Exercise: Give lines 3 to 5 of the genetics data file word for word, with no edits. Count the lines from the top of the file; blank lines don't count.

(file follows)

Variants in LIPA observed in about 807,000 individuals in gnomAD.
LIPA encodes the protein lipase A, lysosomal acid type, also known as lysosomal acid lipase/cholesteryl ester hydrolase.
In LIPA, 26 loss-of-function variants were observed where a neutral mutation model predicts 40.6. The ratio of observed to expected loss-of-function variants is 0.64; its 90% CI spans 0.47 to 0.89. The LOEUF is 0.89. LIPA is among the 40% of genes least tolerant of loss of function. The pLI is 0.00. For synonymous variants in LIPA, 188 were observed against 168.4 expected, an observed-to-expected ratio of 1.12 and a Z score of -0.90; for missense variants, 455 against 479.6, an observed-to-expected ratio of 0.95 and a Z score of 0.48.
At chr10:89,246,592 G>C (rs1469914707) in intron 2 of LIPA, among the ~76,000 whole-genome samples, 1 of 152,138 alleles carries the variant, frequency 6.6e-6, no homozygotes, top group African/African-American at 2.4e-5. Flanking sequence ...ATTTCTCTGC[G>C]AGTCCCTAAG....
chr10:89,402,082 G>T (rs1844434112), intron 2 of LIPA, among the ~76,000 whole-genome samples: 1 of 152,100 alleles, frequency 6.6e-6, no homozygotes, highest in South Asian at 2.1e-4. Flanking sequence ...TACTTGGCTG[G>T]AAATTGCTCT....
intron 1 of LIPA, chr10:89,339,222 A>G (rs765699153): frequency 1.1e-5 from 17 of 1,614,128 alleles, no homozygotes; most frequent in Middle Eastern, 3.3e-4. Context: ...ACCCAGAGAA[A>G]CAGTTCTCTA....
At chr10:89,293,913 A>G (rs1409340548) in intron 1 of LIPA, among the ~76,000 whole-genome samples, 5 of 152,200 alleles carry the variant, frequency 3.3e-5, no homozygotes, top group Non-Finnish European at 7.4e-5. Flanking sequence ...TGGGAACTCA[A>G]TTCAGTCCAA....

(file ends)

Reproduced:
In LIPA, 26 loss-of-function variants were observed where a neutral mutation model predicts 40.6. The ratio of observed to expected loss-of-function variants is 0.64; its 90% CI spans 0.47 to 0.89. The LOEUF is 0.89. LIPA is among the 40% of genes least tolerant of loss of function. The pLI is 0.00. For synonymous variants in LIPA, 188 were observed against 168.4 expected, an observed-to-expected ratio of 1.12 and a Z score of -0.90; for missense variants, 455 against 479.6, an observed-to-expected ratio of 0.95 and a Z score of 0.48.
At chr10:89,246,592 G>C (rs1469914707) in intron 2 of LIPA, among the ~76,000 whole-genome samples, 1 of 152,138 alleles carries the variant, frequency 6.6e-6, no homozygotes, top group African/African-American at 2.4e-5. Flanking sequence ...ATTTCTCTGC[G>C]AGTCCCTAAG....
chr10:89,402,082 G>T (rs1844434112), intron 2 of LIPA, among the ~76,000 whole-genome samples: 1 of 152,100 alleles, frequency 6.6e-6, no homozygotes, highest in South Asian at 2.1e-4. Flanking sequence ...TACTTGGCTG[G>T]AAATTGCTCT....